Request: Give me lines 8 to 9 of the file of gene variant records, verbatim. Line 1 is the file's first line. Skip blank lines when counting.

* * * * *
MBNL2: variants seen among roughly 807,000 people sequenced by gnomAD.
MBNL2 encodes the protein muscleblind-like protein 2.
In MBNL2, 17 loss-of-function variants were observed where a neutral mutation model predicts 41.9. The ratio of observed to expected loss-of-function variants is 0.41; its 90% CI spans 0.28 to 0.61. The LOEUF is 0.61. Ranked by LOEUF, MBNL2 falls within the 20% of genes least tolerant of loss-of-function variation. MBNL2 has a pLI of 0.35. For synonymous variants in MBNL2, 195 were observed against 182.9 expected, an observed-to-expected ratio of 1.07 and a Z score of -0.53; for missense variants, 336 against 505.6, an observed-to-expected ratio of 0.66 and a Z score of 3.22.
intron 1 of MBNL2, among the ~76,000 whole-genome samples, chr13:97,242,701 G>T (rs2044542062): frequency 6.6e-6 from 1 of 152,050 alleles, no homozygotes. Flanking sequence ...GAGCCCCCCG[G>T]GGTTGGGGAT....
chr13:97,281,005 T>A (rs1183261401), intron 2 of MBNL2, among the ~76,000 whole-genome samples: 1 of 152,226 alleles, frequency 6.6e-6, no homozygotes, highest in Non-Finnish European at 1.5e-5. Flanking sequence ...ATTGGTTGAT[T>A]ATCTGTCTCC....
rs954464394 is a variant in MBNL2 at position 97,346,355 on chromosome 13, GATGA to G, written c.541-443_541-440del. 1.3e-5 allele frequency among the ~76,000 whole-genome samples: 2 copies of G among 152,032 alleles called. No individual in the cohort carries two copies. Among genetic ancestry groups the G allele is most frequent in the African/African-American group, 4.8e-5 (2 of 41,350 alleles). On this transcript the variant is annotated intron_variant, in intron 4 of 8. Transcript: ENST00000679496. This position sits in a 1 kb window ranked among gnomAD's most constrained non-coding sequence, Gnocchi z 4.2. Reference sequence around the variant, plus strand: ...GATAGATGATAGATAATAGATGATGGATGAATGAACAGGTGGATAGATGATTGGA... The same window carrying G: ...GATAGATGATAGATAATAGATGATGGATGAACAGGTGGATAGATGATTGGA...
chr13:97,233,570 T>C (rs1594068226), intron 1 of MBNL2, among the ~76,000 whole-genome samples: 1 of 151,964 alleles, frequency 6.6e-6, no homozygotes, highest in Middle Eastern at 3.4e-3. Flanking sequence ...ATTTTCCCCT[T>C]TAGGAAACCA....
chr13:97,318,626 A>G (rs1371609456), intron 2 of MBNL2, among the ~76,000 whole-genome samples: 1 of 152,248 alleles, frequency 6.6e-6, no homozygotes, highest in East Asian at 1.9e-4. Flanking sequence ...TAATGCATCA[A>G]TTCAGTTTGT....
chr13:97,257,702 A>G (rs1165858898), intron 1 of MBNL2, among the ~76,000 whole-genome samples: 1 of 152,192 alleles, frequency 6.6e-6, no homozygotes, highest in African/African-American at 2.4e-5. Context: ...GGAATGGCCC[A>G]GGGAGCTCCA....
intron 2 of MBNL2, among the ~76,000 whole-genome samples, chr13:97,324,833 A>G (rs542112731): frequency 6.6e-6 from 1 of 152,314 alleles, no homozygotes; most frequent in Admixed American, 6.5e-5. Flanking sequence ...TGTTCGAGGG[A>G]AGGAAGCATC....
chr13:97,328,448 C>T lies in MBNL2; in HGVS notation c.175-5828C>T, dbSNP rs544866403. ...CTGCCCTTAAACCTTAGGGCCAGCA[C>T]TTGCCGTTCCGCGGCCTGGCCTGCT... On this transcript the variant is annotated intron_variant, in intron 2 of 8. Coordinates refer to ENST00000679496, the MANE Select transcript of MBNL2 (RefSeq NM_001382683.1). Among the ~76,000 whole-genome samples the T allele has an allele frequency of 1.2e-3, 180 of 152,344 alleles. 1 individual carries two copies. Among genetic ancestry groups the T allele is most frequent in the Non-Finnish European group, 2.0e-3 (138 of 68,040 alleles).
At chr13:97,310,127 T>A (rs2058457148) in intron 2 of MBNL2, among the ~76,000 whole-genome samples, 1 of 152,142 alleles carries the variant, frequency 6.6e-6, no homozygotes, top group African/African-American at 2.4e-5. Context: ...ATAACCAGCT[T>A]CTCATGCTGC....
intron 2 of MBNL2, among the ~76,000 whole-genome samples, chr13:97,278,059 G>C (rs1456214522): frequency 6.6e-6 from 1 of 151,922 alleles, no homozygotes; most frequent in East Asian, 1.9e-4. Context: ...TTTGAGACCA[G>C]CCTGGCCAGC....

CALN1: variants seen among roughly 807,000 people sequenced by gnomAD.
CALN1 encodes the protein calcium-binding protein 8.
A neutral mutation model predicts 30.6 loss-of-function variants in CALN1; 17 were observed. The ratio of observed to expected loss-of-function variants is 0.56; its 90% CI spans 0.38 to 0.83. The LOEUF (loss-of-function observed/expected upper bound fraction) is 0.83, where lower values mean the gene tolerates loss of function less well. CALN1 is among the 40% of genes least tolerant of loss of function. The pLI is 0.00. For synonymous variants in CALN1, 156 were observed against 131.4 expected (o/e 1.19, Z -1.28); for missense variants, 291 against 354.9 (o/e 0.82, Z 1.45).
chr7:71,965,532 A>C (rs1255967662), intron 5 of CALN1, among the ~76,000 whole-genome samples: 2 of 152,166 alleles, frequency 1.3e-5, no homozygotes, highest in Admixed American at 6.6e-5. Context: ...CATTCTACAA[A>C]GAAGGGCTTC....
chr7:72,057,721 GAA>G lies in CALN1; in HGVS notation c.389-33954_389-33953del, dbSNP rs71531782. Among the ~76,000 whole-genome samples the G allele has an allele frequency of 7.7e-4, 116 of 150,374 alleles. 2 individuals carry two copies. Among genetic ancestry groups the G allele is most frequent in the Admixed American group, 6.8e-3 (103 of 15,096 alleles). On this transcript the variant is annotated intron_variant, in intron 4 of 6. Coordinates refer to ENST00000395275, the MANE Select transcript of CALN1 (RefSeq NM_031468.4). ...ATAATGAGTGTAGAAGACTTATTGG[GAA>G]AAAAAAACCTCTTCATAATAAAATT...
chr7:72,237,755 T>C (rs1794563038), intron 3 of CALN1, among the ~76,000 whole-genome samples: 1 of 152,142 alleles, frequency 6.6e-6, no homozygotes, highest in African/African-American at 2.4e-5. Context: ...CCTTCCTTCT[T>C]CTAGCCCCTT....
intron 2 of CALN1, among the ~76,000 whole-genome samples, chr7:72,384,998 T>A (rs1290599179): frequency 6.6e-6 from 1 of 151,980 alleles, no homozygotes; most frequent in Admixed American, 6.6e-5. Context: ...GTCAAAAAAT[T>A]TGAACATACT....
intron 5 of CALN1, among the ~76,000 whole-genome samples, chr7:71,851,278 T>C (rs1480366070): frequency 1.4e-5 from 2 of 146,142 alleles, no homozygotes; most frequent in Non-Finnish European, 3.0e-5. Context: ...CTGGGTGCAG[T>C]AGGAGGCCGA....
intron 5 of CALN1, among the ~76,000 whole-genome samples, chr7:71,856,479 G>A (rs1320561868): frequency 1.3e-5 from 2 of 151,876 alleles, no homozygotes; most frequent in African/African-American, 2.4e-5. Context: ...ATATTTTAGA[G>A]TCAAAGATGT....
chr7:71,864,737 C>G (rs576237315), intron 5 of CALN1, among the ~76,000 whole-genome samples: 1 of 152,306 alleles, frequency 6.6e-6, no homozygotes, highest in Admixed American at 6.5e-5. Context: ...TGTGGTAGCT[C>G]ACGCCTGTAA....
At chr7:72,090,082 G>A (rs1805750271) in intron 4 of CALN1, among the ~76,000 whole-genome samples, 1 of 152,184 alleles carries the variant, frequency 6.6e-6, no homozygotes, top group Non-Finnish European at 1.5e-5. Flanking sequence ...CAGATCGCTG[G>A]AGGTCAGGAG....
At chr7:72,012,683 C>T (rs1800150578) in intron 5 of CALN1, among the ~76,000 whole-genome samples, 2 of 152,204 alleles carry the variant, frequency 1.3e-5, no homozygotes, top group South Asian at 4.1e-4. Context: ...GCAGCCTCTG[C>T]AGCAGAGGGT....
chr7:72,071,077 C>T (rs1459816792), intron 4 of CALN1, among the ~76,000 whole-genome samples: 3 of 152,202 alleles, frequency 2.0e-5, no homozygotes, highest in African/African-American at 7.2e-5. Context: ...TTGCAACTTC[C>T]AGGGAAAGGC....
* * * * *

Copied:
chr13:97,318,626 A>G (rs1371609456), intron 2 of MBNL2, among the ~76,000 whole-genome samples: 1 of 152,248 alleles, frequency 6.6e-6, no homozygotes, highest in East Asian at 1.9e-4. Flanking sequence ...TAATGCATCA[A>G]TTCAGTTTGT....
chr13:97,257,702 A>G (rs1165858898), intron 1 of MBNL2, among the ~76,000 whole-genome samples: 1 of 152,192 alleles, frequency 6.6e-6, no homozygotes, highest in African/African-American at 2.4e-5. Context: ...GGAATGGCCC[A>G]GGGAGCTCCA....